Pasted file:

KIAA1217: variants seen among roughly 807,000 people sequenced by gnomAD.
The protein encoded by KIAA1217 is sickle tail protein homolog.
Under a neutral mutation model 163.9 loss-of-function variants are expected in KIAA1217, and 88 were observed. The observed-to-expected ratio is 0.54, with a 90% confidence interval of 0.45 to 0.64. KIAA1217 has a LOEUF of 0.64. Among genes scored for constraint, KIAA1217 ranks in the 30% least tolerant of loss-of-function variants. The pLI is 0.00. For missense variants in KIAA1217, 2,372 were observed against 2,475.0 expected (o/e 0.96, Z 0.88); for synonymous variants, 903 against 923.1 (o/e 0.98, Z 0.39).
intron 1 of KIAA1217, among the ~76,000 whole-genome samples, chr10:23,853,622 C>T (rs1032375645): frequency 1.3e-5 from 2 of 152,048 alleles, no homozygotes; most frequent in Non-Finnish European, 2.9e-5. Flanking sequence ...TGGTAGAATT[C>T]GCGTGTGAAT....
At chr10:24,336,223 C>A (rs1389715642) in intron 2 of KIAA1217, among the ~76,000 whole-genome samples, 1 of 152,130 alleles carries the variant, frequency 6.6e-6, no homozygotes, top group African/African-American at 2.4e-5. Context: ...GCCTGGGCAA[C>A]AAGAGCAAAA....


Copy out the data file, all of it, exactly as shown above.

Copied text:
KIAA1217: variants seen among roughly 807,000 people sequenced by gnomAD.
The protein encoded by KIAA1217 is sickle tail protein homolog.
Under a neutral mutation model 163.9 loss-of-function variants are expected in KIAA1217, and 88 were observed. The observed-to-expected ratio is 0.54, with a 90% confidence interval of 0.45 to 0.64. KIAA1217 has a LOEUF of 0.64. Among genes scored for constraint, KIAA1217 ranks in the 30% least tolerant of loss-of-function variants. The pLI is 0.00. For missense variants in KIAA1217, 2,372 were observed against 2,475.0 expected (o/e 0.96, Z 0.88); for synonymous variants, 903 against 923.1 (o/e 0.98, Z 0.39).
intron 1 of KIAA1217, among the ~76,000 whole-genome samples, chr10:23,853,622 C>T (rs1032375645): frequency 1.3e-5 from 2 of 152,048 alleles, no homozygotes; most frequent in Non-Finnish European, 2.9e-5. Flanking sequence ...TGGTAGAATT[C>T]GCGTGTGAAT....
At chr10:24,336,223 C>A (rs1389715642) in intron 2 of KIAA1217, among the ~76,000 whole-genome samples, 1 of 152,130 alleles carries the variant, frequency 6.6e-6, no homozygotes, top group African/African-American at 2.4e-5. Context: ...GCCTGGGCAA[C>A]AAGAGCAAAA....